PM: I've deliberately never used the word autistic, and I didn't want to state whether Philip is in fact autistic. Yes, some of his behavior would appear to be on the "autistic spectrum" but that is not all of who he is, nor does it explain all that he does. I've done a fair bit of research in this field, so I'm familiar enough with it, but I wasn't setting out to create in Philip some accurate picture of the condition.

The Names #4 cover by Celia Calle

CA: You seem to be doling the violence out very deliberately, but as a result, when it does happen, it's particularly unsettling and intense. The Surgeon slices up people's faces and Katya fights for her life in brutal, no-holds-barred fashion. Have you and Leandro had any concerns about those moments – how the action is portrayed, how much space those sequences will take, what should be shown, and what should happen off-panel to maximize the psychological impact?

PM: We've tried to be true and accurate to the moment. I haven't wanted to be gratuitous about it, but violence is by its nature shocking and painful, or at least should be. So I've been sparing, but when it does happen, when it's necessary to show it happening – the first time Katya kills someone, the brutality of The Surgeon when he slices someone up – I've wanted it to have a certain shock value. And of course, if you over-use or use violence (or sex or anything else) gratuitously, then you're going to devalue the currency.

CA: As for the sexual aspects of the story, there are a couple unorthodox elements in play here: a boy obsessed with his stepmother and a villain who seems to be taking an almost erotic thrill in his psychopathic behavior. Have you had concerns about how far you could push those aspects, and have there been scenes where you've had to tone them down or punch them up to create the desired effect?

PM: Perhaps it is unorthodox for a boy to be so obsessed by his (albeit beautiful and young) stepmother, but every scene with Phil reveals that he is far from orthodox. And as for a villain who takes an almost erotic thrill in his psychopathic behavior, that seems perfectly reasonable and believable and – which is the point – further goes to make The Surgeon a creature unlike other most men. With regard to the second part of this question, I haven't worried about how far we should take these scenes or whether we should tone them down because nothing in them seems gratuitous: everything seems totally believable and honest. Fair play to DC and Vertigo, I have had no problem in this area on this book.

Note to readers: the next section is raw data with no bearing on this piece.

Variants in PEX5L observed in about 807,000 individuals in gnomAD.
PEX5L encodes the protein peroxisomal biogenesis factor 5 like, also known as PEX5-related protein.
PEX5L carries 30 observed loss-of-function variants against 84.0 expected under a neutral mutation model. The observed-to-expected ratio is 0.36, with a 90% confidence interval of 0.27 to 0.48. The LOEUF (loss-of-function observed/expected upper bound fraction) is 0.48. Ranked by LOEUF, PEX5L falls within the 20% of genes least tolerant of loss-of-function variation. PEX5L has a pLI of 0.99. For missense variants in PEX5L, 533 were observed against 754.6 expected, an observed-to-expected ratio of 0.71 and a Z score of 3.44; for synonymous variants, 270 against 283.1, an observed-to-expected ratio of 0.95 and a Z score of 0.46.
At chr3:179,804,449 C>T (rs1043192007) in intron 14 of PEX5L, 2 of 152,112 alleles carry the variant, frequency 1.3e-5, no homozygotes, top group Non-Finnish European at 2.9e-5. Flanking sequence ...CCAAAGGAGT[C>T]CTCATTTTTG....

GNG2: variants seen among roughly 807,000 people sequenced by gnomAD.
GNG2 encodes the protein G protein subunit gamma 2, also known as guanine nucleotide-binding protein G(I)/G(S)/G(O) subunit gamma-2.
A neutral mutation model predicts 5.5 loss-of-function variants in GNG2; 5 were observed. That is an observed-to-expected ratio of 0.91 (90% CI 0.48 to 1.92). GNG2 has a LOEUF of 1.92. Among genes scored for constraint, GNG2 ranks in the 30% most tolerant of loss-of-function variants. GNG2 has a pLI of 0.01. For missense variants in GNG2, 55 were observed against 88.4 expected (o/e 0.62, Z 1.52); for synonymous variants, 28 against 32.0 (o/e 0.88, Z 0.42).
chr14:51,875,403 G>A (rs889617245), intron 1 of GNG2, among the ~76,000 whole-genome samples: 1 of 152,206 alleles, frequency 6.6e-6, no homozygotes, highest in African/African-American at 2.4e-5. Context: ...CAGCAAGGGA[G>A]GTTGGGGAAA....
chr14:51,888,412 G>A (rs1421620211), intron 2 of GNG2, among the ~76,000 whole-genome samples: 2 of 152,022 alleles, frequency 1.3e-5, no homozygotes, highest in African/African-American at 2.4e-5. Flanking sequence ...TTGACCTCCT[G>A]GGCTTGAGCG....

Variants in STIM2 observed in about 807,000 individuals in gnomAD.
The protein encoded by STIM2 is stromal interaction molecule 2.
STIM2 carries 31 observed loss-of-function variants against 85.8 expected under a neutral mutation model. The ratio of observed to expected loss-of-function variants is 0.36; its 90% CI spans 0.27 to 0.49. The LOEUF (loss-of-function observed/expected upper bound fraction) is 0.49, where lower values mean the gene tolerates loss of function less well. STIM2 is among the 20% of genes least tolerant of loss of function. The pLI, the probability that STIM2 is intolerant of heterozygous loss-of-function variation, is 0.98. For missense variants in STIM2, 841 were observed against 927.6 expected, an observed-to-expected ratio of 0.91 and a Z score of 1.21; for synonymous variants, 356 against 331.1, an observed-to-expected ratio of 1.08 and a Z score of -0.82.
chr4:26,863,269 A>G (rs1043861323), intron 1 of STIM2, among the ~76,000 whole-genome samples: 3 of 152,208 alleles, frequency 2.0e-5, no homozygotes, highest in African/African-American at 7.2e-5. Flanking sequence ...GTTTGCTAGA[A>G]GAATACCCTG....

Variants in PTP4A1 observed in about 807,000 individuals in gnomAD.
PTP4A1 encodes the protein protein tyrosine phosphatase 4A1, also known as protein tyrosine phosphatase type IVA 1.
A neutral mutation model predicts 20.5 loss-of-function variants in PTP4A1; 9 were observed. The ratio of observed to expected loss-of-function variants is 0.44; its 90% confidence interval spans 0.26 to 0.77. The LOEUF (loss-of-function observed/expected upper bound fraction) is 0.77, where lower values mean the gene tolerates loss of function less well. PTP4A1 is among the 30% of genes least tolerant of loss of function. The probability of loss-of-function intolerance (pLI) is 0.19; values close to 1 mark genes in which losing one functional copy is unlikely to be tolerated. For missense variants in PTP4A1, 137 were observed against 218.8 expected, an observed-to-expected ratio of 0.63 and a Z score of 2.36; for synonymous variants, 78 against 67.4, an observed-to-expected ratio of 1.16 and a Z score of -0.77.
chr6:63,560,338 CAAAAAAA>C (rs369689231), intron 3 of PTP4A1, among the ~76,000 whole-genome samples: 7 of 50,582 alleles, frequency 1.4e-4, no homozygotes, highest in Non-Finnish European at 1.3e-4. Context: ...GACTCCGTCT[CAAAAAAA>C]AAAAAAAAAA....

The Names #5 cover by Celia Calle

CA: As comic covers tend to be prepared far before the interior work is finished, has Celia been wielding an influence on how you're portraying any particular characters or events?

PM:  I think this is more of a question for Leandro. I couldn't say how far – if at all – they have influenced each other, but I believe there have been some conversations going on.

And I have to say, I've been knocked out by Celia's covers, so whatever she's doing, she's doing right!

CA: Something we touched on in our last conversation is the labyrinthine flow of the story, with Katya trying to find her way along, and the readers having a slightly broader viewpoint on the action. We're now past the halfway point, and to extend your own metaphor – we have a slightly better idea of the surroundings, a slightly better camera angle, but no better leads on where to find the Minotaur, how to fight the Minotaur, or even exactly what a Minotaur is (since describing how something looks isn't necessarily the same as knowing about it). So, I guess the actual question is – is the Minotaur actually the big threat, or is the biggest concern the pathway itself?

PM: I'd say that by the end of episode five, we and Katya have some better leads to find the minotaur. She and we certainly know a lot more about "the labyrinth." She didn't even know it existed until she went looking for Kevin's killer. Clearly, the pathway or the journey to discovering the truth has terrible dangers, and there's a feeling that the closer Katya gets to what she's looking for the more of a problem and therefore the more in danger she'll become. To answer your final question, I'd say that you have to be very careful with extended metaphors about labyrinths and Minotaurs. But being unable to resist extending it a bit further, the main danger might not come in facing the Minotaur... But in losing the thread that will allow you to find your way back out of the maze.

The Names #6 cover by Celia Calle

CA: This story moves at a fast, furious clip, piling event upon event, and action upon action… By the time it all wraps up, how much time has gone by?

PM: Yes, it's fast. Nine episodes, but a lot of story. That's how I wanted it. I wanted it to feel like one of those fast-moving, complex TV shows. And though a lot of the action – once the funeral is over – is condensed over a pretty short time period, by the time we arrive at the final scene, something close to two months has gone by.

CA: And then there's the big reveal at the end of issue #5, with Kevin out looking to buy a good time and instead coming face-to-face with his supposedly-dead mother. What can you tell us about how this revelation will affect the back half of the series?

PM: Tara – Philip's biological mother – will play a huge role in the unfolding of the plot and in the development of Philip and Katya. She'll also prove that The Surgeon might not be the biggest psychopath on the block...